Type of plant: A deciduous bush with thorny stems growing to 6 feet with fragrant pink flowers
Part used: Fresh flower heads
Method of extraction: Steam distillation
Data: Eighty percent of Rosa damascena essential oil comes from the Kazanlak Valley in Bulgaria, where rose growing was introduced in the seventeenth century. This knowledge may have come from the Persians, who are known to have been distilling rose in Shiraz (present-day Iran) since 1612. Writings of the Persian intellectual Ibn Sīnā (Avicenna) described rose distillation as early as the eleventh century, possibly to produce rose water, along with a small amount of oil. It takes literally millions of rose petals to produce just a few fluid ounces of this highly prized essential oil. The roses are hand-picked very early in the morning, and the roses are distilled immediately. Harvesting is between May and June, when the air in the valley is redolent with the aroma of rose and the distilleries are working night and day to process the roses while they still retain their essential oil.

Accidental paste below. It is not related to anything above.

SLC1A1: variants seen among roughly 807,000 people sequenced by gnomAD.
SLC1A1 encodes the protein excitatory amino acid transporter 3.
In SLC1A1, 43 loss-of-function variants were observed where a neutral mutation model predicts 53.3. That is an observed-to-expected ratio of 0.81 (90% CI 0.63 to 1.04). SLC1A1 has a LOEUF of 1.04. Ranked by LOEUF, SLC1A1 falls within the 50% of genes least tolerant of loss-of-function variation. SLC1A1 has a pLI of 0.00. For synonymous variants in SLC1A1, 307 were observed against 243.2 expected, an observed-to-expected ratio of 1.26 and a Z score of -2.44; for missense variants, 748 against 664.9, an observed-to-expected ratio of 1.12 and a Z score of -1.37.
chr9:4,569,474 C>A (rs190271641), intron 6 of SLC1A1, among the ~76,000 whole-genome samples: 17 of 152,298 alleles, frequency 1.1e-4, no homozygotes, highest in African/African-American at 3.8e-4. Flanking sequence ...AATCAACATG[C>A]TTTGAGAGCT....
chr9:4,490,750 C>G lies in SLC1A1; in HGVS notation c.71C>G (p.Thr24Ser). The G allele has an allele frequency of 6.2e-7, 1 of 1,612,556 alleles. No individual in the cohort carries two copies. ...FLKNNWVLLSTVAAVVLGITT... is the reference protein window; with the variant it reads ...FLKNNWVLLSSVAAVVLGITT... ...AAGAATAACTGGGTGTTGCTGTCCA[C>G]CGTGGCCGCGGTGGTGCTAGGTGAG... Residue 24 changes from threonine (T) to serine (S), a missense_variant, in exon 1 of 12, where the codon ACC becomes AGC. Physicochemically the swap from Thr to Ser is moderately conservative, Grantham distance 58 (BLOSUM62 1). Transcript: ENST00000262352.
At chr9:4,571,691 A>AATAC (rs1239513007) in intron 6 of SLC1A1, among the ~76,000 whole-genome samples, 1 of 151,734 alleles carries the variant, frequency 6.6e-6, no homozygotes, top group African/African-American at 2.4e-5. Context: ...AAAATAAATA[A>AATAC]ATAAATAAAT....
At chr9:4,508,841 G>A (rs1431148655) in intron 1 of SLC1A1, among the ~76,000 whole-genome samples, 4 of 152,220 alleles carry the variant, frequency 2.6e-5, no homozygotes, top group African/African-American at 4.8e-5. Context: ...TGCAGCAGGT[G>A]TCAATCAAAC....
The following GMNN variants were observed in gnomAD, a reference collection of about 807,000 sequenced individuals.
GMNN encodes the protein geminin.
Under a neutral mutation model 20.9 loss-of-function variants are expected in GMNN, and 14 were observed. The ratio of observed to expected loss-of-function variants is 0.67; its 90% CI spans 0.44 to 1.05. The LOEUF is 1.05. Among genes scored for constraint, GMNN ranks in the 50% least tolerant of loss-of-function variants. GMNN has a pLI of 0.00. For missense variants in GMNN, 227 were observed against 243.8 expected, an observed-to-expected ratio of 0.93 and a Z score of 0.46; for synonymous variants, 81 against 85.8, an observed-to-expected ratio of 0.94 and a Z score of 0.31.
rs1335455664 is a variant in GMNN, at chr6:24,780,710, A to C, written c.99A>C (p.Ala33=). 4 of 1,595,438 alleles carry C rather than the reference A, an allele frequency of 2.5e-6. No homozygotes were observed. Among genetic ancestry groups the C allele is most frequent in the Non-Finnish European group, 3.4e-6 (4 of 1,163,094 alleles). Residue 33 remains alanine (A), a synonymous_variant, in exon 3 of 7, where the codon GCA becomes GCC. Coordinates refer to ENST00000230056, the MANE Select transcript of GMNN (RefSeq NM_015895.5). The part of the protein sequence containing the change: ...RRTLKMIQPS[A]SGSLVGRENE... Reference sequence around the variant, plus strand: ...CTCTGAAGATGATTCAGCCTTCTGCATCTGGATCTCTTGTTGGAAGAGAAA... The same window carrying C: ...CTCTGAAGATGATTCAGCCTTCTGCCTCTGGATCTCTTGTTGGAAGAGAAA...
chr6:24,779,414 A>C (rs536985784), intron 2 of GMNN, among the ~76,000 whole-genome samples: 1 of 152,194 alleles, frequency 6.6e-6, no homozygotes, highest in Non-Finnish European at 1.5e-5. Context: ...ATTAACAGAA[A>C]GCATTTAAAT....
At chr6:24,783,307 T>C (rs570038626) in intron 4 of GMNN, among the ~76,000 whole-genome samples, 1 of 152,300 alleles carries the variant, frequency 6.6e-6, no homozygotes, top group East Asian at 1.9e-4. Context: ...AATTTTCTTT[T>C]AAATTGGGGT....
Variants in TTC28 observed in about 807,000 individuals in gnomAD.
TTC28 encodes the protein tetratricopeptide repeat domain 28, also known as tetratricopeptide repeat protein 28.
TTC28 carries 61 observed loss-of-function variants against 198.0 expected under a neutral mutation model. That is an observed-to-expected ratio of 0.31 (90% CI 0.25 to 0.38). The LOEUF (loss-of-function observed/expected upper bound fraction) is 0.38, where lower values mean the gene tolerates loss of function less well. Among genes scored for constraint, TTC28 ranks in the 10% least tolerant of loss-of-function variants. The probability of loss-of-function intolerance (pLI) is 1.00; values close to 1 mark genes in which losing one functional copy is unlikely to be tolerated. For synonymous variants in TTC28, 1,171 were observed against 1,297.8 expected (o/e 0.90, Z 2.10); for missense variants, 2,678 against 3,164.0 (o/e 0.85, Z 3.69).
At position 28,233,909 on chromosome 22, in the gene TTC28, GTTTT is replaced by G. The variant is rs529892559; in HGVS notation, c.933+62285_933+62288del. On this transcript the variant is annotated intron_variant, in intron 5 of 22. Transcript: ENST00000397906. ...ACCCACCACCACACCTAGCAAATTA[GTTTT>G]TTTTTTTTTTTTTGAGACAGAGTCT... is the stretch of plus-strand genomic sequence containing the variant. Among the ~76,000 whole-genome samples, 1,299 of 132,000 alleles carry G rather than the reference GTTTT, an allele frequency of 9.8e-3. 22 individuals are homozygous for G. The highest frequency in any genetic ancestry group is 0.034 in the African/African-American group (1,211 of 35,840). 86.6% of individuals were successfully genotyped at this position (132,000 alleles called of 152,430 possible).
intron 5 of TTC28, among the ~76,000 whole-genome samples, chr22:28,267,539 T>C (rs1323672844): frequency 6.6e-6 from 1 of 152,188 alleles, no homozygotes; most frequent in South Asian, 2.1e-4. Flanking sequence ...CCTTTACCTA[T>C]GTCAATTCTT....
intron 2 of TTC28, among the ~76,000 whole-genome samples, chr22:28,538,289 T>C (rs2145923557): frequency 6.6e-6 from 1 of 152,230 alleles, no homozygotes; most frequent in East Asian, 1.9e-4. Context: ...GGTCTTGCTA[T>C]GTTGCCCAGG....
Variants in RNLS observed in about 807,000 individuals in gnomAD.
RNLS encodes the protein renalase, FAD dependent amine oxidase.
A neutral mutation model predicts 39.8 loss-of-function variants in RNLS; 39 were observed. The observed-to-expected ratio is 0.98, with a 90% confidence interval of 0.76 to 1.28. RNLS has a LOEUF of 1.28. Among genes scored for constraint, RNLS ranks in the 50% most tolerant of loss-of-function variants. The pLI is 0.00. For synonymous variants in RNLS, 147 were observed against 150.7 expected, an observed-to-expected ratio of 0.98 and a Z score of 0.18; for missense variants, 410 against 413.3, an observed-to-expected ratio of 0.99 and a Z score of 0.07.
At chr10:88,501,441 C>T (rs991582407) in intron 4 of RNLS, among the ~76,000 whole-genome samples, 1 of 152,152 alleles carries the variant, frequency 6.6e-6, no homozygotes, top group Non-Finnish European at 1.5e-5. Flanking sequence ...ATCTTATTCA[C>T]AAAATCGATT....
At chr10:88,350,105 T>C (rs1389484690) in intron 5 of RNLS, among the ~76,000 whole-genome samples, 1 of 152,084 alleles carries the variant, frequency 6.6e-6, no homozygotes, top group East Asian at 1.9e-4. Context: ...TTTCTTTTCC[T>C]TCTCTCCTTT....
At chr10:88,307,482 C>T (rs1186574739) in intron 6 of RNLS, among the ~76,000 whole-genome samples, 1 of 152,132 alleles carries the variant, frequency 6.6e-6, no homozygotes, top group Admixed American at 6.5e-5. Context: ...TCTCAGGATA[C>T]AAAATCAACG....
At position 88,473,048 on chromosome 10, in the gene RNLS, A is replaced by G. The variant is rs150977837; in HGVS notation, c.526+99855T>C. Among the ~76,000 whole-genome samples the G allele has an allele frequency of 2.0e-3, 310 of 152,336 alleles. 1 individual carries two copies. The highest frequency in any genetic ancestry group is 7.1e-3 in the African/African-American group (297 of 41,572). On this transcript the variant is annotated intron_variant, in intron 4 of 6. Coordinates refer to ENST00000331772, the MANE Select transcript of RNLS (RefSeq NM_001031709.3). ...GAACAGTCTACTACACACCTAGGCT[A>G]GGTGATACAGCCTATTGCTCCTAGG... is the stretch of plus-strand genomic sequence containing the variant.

Principal places of production: Bulgaria, Turkey, Iran
When buying look for: A colorless to pale-yellow-tinged liquid with a soft, deep, slightly lemony rose aroma with a faint spice note. It crystallizes at low temperatures, becoming liquid with warmth.
Therapeutic properties: Antidepressant, anti-infectious, antiseptic, astringent, calmative, cicatrizing, circulatory, cytophylactic, emmenagogue, emollient, sedative, spasmolytic, tonic
Therapeutic uses: Female reproductive problems, infertility, menstrual irregularity, endometriosis, dysmenorrhea, menstrual cramp, abdominal cramp, circulatory conditions, acne, skin dehydration, scarring, premature aging, depression, anxiety, emotional anxiety, nervous tension, stress-related conditions
Blends well with: Benzoin, bergamot, black pepper, cananga, carrot seed, chamomile roman, cistus, clary sage, fennel (sweet), frankincense, geranium, jasmine, lavender, lemon, linden blossom, magnolia flower, mandarin, melissa, neroli, orange (sweet), sandalwood
Precautionary advice: No contraindications known. GRAS status.